Why It’s the Wrong Time to Buy Carnival Shares

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Carnival (NYSE:CCL) stock has had a turbulent year. First, it you had the big storm. As the novel coronavirus took hold, CCL stock plummeted from $50 to a low of just $8 at the height of the panic this spring.

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Then you had the false dawn. Things appeared to brighten there for a minute. The economy was reopening and many tourist destinations made a show of getting back to normal. The cruise lines followed suit, and planned to start sailing again by the end of summer. Traders bought in, with Dave Portnoy and his legion of followers taking a particularly liking to the travel stocks.

CCL stock tripled off the lows, reaching $25 for a brief shining moment in June.

Now, however, the reality of the economic mess is setting in. It’s becoming clear that there will be no quick return to normal. Almost every day, we hear about new limits and shutdowns again. While there are promising signs on the horizon, such as potential virus vaccines, there isn’t anything that will turn the tide in the near-term.

As such, the cruise lines are having to scuttle their plans. With revenue drying up, the travel stocks are in free-fall again. Carnival has already dropped 40% from its June high, as shares have slumped back to just $13 now.

CCL Stock to Suffer From Cruise Delays

Marketwatch recently reported that Carnival is delaying the return on a large number of its cruises until Dec. 15. That’s in stark contrast to earlier hopes that they could get going again in August.

You might think that cruise departures only have to be shut down through September, which is the U.S. government’s current timeline. However, other major countries like the United Kingdom and Canada are putting in place strict restrictions on cruises leaving from their ports.

Meanwhile, many tourist destinations are refusing to accept cruise ship vessels for the time being to slow the spread of Covid-19.

Against this patchwork of confusing and frequently-changing regulatory restrictions, operators like Carnival are finding it more simple to shut things down. And that makes sense. With the virus continuing to spread quickly in the United States and show out-of-control case counts in emerging markets such as Mexico, Brazil, and India, it’s hard to justify reopening an industry like cruises just yet.

Wasting Asset Value

For the quarter ending in May, Carnival burned $2.7 billion in cash running its business. That’s $900 million per month. Reportedly, it can cut these losses to closer to $600 million per month going forward. Still, we’re talking about the company blowing through nearly $2 billion a quarter while it waits for the virus to recede.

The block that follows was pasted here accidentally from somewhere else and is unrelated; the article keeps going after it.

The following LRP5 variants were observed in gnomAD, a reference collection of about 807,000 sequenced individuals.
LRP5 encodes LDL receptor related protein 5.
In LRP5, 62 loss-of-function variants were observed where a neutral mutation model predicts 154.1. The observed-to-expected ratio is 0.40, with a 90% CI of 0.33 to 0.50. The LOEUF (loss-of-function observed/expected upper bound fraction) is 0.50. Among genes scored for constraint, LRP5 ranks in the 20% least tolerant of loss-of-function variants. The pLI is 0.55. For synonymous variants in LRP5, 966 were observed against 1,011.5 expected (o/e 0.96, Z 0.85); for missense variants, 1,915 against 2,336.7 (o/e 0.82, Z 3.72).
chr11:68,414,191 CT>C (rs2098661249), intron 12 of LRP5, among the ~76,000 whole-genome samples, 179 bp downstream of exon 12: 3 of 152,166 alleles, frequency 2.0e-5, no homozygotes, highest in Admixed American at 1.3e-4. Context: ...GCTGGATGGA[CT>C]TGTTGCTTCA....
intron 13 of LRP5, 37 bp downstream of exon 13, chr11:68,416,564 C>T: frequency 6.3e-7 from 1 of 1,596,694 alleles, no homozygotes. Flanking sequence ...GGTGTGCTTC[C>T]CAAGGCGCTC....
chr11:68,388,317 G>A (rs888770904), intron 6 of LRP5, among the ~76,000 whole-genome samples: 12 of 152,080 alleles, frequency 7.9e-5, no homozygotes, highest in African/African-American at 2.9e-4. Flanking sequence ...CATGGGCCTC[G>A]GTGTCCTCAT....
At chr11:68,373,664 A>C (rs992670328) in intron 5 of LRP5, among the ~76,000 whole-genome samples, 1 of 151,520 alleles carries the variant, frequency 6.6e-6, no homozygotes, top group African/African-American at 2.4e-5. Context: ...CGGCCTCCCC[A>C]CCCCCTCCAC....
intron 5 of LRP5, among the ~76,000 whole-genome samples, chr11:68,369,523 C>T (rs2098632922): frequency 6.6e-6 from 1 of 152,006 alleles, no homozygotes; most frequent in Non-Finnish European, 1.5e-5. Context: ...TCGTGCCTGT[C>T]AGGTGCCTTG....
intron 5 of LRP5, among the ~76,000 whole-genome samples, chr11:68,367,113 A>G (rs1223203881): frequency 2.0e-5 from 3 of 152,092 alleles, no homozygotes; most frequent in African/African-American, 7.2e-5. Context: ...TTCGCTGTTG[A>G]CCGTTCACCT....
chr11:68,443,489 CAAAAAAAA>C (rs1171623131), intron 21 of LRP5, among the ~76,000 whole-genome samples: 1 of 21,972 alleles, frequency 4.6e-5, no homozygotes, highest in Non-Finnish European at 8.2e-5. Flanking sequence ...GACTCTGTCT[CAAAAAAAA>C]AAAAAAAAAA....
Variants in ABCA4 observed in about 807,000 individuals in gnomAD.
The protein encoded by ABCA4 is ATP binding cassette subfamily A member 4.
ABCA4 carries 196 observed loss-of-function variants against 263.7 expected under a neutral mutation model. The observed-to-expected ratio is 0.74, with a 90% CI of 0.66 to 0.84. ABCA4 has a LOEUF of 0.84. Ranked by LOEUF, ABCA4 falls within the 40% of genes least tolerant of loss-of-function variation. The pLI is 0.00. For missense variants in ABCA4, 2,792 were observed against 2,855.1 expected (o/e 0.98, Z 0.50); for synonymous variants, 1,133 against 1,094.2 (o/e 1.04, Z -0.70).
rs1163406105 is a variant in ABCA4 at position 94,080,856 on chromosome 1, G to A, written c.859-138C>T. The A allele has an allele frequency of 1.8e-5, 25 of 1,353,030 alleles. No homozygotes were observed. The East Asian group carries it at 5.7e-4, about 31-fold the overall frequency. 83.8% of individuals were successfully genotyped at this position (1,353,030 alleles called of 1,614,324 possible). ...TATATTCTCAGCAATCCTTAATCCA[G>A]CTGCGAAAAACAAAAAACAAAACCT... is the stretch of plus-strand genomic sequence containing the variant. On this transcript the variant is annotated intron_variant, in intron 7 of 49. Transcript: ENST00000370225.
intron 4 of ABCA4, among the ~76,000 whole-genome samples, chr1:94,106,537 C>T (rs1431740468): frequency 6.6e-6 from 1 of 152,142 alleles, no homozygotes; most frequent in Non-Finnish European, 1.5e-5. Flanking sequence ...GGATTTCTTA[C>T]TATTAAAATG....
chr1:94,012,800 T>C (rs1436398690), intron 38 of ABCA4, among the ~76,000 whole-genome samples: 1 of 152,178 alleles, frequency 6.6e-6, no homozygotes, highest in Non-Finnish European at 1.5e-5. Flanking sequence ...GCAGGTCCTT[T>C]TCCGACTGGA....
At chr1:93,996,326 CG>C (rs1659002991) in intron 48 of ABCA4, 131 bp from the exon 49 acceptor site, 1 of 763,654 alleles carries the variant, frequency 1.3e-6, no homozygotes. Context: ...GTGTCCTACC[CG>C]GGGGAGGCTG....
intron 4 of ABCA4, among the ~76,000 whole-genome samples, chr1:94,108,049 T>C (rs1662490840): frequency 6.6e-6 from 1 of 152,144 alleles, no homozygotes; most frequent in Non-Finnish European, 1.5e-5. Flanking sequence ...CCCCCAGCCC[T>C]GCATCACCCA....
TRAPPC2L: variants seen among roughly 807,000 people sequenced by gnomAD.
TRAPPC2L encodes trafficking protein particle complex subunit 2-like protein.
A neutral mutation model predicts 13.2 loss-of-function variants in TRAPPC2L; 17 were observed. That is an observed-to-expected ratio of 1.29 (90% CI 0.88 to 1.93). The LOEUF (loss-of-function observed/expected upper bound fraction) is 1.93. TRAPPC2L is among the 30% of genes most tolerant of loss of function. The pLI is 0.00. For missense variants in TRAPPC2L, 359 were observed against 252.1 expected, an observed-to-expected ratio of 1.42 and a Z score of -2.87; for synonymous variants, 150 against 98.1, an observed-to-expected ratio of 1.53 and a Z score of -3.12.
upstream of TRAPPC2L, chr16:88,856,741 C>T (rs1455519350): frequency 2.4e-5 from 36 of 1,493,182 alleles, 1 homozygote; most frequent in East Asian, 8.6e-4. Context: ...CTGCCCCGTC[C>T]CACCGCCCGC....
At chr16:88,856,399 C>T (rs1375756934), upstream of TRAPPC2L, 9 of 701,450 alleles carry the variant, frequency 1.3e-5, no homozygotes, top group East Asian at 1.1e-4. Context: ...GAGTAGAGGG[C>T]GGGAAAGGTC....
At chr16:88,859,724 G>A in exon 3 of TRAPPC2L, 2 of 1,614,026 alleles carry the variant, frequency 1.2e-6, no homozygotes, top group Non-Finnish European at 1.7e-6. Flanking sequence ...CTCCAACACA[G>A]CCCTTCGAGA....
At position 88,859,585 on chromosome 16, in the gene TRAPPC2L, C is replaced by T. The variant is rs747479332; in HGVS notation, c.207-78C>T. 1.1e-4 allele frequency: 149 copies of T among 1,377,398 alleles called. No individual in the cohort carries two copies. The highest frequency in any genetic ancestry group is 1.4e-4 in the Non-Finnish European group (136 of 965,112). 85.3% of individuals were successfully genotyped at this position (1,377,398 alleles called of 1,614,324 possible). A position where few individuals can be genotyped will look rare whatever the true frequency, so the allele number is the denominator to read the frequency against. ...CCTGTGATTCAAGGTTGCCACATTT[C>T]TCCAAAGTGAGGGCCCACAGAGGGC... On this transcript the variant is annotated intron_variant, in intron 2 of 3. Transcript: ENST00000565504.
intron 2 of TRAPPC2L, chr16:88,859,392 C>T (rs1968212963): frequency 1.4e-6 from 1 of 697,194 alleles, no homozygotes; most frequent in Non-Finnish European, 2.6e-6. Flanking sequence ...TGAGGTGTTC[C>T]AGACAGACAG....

Carnival has a market capitalization of $11 billion. Thus, it’s burning through roughly 5% of the equity’s remaining value with each and every month that passes. With mass-market cruising now delayed to December at the earliest, you’re looking at a huge chunk of Carnival’s value disappearing before it can even start to sail again.

Once it does, don’t count on anything like pre-Covid levels of profitability returning soon either. Operating costs will be higher with all the safety measures required in the new landscape. Meanwhile, customers will likely need discounts to motivate them to get on ships again, both due to the perceived health risks and also people’s strained finances thanks to the recession.

CCL Stock Verdict

Sometimes there’s a lot of nuance to market sentiment. Sure, the news may be bad now, but people may be overreacting, or something like that. In June, investors bid up CCL stock on the hopes that the market had gotten too negative. But in fact, Carnival’s plunge was perfectly rational once you look at the company’s financials, and it’s no surprise that the stock is tanking again now.

Things here are pretty simple. Carnival doesn’t have the luxury of the time. It just took on tons more debt at high interest rates to survive the Covid-19 crisis. The thinking was that it could handle this debt load as it started sailing again. Now, however, the date for business getting going again keeps on slipping.

It’s increasingly looking like normal cruising won’t resume at any meaningful volume until 2021. And that’s a crushing blow for the cruise line industry, which had previously hoped to start voyages up again by the end of summer.

With Carnival’s balance sheet taking on water, there’s no need to be a hero right now. Expect shares to trade lower until there’s more clarity about when the cruise liners can actually start sailing again.

Ian Bezek has written more than 1,000 articles for and Seeking Alpha. He also worked as a Junior Analyst for Kerrisdale Capital, a $300 million New York City-based hedge fund. You can reach him on Twitter at @irbezek. At the time of this writing, he held no positions in any of the aforementioned securities.

The post Why It’s the Wrong Time to Buy Carnival Shares appeared first on InvestorPlace.

The views and opinions expressed herein are the views and opinions of the author and do not necessarily reflect those of Nasdaq, Inc.

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